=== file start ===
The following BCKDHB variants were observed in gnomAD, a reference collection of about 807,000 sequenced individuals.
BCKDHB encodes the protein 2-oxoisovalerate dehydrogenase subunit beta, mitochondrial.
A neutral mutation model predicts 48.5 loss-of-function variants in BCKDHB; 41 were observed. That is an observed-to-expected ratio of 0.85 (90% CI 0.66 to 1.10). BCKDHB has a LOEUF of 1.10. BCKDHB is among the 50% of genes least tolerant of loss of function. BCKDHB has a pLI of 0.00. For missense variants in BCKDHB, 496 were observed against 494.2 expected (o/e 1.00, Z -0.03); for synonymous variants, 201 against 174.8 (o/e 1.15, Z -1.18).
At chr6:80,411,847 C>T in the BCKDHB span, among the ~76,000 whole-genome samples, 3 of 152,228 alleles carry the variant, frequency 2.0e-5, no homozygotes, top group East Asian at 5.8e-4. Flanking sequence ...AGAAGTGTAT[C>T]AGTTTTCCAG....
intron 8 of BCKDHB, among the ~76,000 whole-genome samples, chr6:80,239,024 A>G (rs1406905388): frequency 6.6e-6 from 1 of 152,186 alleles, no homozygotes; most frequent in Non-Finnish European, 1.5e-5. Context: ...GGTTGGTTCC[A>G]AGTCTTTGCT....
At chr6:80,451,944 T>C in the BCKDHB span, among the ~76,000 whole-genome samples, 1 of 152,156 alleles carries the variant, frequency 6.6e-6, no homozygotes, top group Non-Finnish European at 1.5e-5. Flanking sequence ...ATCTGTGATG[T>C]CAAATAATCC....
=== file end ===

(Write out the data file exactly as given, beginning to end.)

The following BCKDHB variants were observed in gnomAD, a reference collection of about 807,000 sequenced individuals.
BCKDHB encodes the protein 2-oxoisovalerate dehydrogenase subunit beta, mitochondrial.
A neutral mutation model predicts 48.5 loss-of-function variants in BCKDHB; 41 were observed. That is an observed-to-expected ratio of 0.85 (90% CI 0.66 to 1.10). BCKDHB has a LOEUF of 1.10. BCKDHB is among the 50% of genes least tolerant of loss of function. BCKDHB has a pLI of 0.00. For missense variants in BCKDHB, 496 were observed against 494.2 expected (o/e 1.00, Z -0.03); for synonymous variants, 201 against 174.8 (o/e 1.15, Z -1.18).
At chr6:80,411,847 C>T in the BCKDHB span, among the ~76,000 whole-genome samples, 3 of 152,228 alleles carry the variant, frequency 2.0e-5, no homozygotes, top group East Asian at 5.8e-4. Flanking sequence ...AGAAGTGTAT[C>T]AGTTTTCCAG....
intron 8 of BCKDHB, among the ~76,000 whole-genome samples, chr6:80,239,024 A>G (rs1406905388): frequency 6.6e-6 from 1 of 152,186 alleles, no homozygotes; most frequent in Non-Finnish European, 1.5e-5. Context: ...GGTTGGTTCC[A>G]AGTCTTTGCT....
At chr6:80,451,944 T>C in the BCKDHB span, among the ~76,000 whole-genome samples, 1 of 152,156 alleles carries the variant, frequency 6.6e-6, no homozygotes, top group Non-Finnish European at 1.5e-5. Flanking sequence ...ATCTGTGATG[T>C]CAAATAATCC....